nomer15Gender: female4 Stars Out Of 5January 11, 2014nomer15Gender: female"All Things New" by Lynn Austin is set in post-Civil War-era Virginia and focuses on the months immediately following the end of the war. The Confederacy has just lost the war, the citizens are facing poverty and attempting to pick up the pieces of shattered lives, and deep prejudices continue to come to light.
Josephine Weatherly lost her father and one older brother in the war. Her family may lose their plantation as well with limited resources and no real ability to bring in a cotton crop. Josephine begins to see that life needs to revolve around basic survival, not trying to keep up a facade of life as it was before the war. Her mother, Eugenia, is appalled at the idea of her daughter expressing interesting in tending a garden, sewing, and learning to cook, and she tries to forbid Josephine from having anything to do with "manual labor".
Lizzie is a freed slave who continues to live at White Oak plantation with her family after the war, primarily due to the promise of her children receiving an education thanks to the newly established Freedman's Bureau, run by a former Yankee soldier named Alexander Chandler. Lizzie and her family embrace their newfound freedom, but begin to experience a taste of the extreme difficulties that the freed slaves will face in this new phase of life.
This was a wonderful book that takes a look at different aspects of life during Reconstruction from three different perspectives. I loved how Austin showed the effects of war, bitterness, and hatred, and how the remedy is found in God's healing love and forgiveness. The characters were well-developed and there was just enough suspense to keep the reader engaged to the end. Overall, a good fictional read that focuses on an important and challenging part of American history.
(I've received this complimentary book from Bethany House Publishers through the Book Blogger program in exchange for a review. A positive review was not required and the views expressed in my review are strictly my own.)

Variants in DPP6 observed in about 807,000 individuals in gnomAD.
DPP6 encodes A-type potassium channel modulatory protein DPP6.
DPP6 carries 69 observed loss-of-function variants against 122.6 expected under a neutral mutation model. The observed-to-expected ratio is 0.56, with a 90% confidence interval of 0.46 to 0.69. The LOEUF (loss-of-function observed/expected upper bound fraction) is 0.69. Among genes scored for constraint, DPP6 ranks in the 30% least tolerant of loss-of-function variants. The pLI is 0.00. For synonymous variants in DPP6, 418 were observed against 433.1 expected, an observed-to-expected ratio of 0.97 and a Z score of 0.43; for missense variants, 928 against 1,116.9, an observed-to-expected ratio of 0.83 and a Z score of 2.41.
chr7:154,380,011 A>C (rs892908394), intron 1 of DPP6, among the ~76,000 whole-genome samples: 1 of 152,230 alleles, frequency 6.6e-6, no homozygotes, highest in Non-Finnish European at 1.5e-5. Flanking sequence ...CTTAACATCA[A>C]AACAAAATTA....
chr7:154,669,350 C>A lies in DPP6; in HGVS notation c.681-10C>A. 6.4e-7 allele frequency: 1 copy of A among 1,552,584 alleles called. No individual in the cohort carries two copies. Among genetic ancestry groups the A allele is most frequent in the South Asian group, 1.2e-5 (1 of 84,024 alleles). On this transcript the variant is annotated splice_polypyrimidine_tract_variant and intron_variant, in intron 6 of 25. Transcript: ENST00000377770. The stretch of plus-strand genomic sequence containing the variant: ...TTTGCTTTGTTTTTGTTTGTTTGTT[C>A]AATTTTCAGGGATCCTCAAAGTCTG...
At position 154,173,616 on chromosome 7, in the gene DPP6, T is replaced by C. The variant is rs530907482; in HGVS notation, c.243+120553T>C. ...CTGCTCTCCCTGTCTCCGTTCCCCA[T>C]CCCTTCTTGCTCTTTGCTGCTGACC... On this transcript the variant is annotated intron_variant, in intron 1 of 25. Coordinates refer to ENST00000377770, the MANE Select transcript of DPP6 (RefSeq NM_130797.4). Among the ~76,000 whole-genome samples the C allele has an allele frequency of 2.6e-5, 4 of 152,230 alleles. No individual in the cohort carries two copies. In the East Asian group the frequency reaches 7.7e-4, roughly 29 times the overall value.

pianoladyLong Beach, CAAge: Over 65Gender: female5 Stars Out Of 5Good characters, as always.June 18, 2013pianoladyLong Beach, CAAge: Over 65Gender: femaleQuality: 5Value: 5Meets Expectations: 5As usual, I liked the characters. Civil War era also one of my favorites. Although this was not quite as deep as this author usually goes with suspense, her writing is a great read. I look forward to her next book.
AnnaFreelton, OntarioAge: 35-44Gender: female5 Stars Out Of 5Couldn't put it down!June 12, 2013AnnaFreelton, OntarioAge: 35-44Gender: femaleThis is another GREAT book by Lynn Austin! She makes history come alive with this great historical fiction. I couldn't put it down!
beckieAge: 35-44Gender: female3 Stars Out Of 5all things new reviewJune 8, 2013beckieAge: 35-44Gender: female"All Things New" by Lynn Austin is a novel about post Civil War in the South. The Weatherly's are the historical Bluth's only not funny, but just as delusional. The Weatherlys are an antebellum family that has lost everything following the Civil War. They have lost everything all the way down to one slave family and one horse and a few chickens. And they have no clue what they are doing. They don't know how to survive or take care of themselves in any way, nor do they want to. The Weatherlys must change as well as the entire South if they are going to survive.
This book follows two family's points of view: the Weatherly's and the Otis's (former slaves). It explores the frame of mind the two families have in order to deal with change. The whites on reforming an entire way of life and the blacks on losing their slave state of mind. The book is pretty good, but it runs long. A lot of the middle could be taken out. The pace could have been a little quicker too. The idea of the novel is good. It shows how mending the repercussions of slavery takes so long. I received this book for free from Bethany House Publishers.